Traditional, long-form reports are often used to detail the depth and specifics of an evaluation. However, many readers simply don’t have the time or bandwidth to digest a 30-page report. Distilling the key information into one page can help catch the eye of busy program staff, college administrators, or policymakers.

When we say “one-pager,” we mean a single-page document that summarizes evaluation data, findings, or recommendations. It’s generally a stand-alone document that supplements a longer report, dataset, or presentation.

One-pagers are a great way to get your client the data they need to guide data-driven decisions. These summaries can work well as companion documents for long reports or as a highlight piece for an interim report. We created a 10-step process to help facilitate the creation of a one-pager. Additional materials are available, including detailed slides, grid layouts, videos, and more.

Ten-step process for creating a one-pager:

1. Identify the audience

Be specific about who you are talking to and their information priorities. The content and layout of the document should be tailored to meet the needs of this audience.

2. Identify the purpose

Write a purpose statement that identifies why you are creating the one-pager. This will help you decide what information to include or exclude.

3. Prioritize your information

Categorize the information most relevant to your audience. Then rank each category from highest to lowest priority to help inform the layout of the document.

4. Choose a grid

Use a grid to intentionally organize elements visually for readers. Check out our free pre-made grids, which you can use for your own one-pagers, and instructions on how to use them in PowerPoint (video).

5. Draft the layout

Print out your grid layout and sketch your design by hand. This will allow you to think creatively without technological barriers and will save you time.

6. Create an intentional visual path

Pay attention to how the reader’s eye moves around the page. Use elements like large numbers, ink density, and icons to guide the reader’s visual path. Keep in mind the page symmetry and the need to balance visual density. For more tips, see Canva’s Design Elements and Principles.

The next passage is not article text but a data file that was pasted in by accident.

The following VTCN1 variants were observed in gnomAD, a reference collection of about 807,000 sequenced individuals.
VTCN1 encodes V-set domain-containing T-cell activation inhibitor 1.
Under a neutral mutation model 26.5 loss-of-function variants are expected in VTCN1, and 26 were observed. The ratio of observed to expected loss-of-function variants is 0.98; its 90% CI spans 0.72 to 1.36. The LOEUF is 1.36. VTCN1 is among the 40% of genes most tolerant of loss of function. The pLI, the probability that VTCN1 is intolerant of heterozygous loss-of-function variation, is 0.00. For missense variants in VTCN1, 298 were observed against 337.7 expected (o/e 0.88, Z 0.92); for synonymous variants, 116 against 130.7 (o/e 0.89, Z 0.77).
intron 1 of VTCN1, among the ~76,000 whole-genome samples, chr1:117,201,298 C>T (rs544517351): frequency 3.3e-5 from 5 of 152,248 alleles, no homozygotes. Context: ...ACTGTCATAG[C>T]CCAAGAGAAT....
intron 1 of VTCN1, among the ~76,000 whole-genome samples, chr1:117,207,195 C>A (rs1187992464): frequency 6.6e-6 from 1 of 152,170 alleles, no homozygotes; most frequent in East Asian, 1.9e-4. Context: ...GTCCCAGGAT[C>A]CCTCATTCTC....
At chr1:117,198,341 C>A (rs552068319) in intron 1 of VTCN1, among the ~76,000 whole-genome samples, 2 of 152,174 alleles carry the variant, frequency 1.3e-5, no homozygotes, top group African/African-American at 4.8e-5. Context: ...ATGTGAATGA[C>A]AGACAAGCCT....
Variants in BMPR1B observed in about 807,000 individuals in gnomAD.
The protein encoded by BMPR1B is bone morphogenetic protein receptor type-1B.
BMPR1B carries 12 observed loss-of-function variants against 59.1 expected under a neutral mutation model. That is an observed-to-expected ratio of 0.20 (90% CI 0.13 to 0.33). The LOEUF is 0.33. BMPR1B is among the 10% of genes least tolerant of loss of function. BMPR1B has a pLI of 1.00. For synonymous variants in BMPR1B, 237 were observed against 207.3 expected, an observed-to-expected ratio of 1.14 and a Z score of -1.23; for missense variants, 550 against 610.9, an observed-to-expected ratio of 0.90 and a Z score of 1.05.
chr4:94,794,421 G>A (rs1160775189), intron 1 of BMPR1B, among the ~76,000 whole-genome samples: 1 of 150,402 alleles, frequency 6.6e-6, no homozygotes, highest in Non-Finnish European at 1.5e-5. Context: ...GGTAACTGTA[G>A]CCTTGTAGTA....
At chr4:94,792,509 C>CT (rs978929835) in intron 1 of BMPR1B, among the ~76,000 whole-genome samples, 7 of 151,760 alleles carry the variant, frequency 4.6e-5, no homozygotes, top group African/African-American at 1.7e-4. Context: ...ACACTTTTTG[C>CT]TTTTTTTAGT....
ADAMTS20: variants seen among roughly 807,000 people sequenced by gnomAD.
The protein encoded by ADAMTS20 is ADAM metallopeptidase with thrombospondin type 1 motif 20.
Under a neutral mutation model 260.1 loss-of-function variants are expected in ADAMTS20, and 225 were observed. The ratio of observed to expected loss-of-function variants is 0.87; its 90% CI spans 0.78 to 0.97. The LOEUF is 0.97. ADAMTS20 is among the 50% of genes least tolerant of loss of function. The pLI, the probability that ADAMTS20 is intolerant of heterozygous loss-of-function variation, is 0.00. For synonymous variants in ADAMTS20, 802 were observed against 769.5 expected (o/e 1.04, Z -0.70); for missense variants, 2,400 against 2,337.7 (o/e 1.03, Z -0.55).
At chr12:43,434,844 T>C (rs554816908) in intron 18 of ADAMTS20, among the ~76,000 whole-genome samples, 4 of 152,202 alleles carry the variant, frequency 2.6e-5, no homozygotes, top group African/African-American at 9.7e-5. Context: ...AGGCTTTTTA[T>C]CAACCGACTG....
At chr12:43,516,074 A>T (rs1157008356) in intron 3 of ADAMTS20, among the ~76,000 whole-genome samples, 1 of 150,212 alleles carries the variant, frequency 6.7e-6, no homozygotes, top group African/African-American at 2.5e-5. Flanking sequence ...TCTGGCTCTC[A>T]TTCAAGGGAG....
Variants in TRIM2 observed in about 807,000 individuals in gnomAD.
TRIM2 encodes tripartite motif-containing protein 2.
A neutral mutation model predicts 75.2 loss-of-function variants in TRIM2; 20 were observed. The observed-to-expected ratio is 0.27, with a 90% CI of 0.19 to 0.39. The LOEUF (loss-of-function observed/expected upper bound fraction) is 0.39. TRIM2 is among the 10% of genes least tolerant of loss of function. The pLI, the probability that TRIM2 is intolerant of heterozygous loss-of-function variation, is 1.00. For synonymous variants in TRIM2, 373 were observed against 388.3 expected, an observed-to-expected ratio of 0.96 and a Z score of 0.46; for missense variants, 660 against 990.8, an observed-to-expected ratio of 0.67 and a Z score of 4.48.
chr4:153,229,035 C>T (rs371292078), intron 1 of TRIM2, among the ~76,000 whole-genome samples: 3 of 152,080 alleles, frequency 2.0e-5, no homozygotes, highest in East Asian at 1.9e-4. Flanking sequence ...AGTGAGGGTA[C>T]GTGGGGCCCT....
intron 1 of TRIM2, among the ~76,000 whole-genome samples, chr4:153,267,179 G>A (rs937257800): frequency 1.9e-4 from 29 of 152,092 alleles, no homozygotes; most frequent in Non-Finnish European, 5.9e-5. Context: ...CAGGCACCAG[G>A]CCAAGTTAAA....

7. Create a purposeful hierarchy

Use headings intentionally to help your readers navigate and identify the content.

8. Use white space

The brain subconsciously views content grouped together as a cohesive unit. Add white space to indicate that a new section is starting.

9. Get feedback

Run your designs by a colleague or client to help catch errors, note areas needing clarification, and ensure the document makes sense to others. You will likely need to go through a few rounds of feedback before the document is finalized.

10. Triple-check consistency

Triple-check, and possibly quadruple-check, for consistency of fonts, alignment, size, and colors. Style guides can be a useful way to keep track of consistency in and across documents. Take a look at EvaluATE’s style guide here.

The demand for one-pagers is growing, and now you are equipped with the information you need to succeed in creating one. So, start creating your one-pagers now!

About the Authors

Lyssa Wilson Becho

Lyssa Wilson Becho box with arrow

Principal Research Associate, The Evaluation Center, Western Michigan University

Lyssa is the Director of EvaluATE, she leads the training elements of EvaluATE, including webinars, workshops, resources, and evaluation coaching. She also works with Valerie on strategy and reporting for the ATE annual survey. Lyssa is a principal research associate at The Evaluation Center at Western Michigan University and co-principal investigator for EvaluATE. She holds a Ph.D. in evaluation and has 7 years of experience conducting evaluations for a variety of local, national, and international programs.

Emma Binder

Emma Binder box with arrow

Marketing and Communication Specialist Senior, The Evaluation Center, Western Michigan University

Emma Binder is a Marketing and Communication Specialist Senior at The Evaluation Center at Western Michigan University and is the co-principal investigator for EvaluATE, the evaluation hub for the National Science Foundation’s Advanced Technological Education (ATE) program. She is the co-creator of creating one-page reports and specializes in data communication and visualization. She has over nine years of evaluation experience, presenting in webinars and workshops for national and international audiences, developing resources, newsletters, and reports.

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Nation Science Foundation Logo EvaluATE is supported by the National Science Foundation under grant numbers 0802245, 1204683, 1600992, and 1841783. Any opinions, findings, and conclusions or recommendations expressed on this site are those of the authors and do not necessarily reflect the views of the National Science Foundation.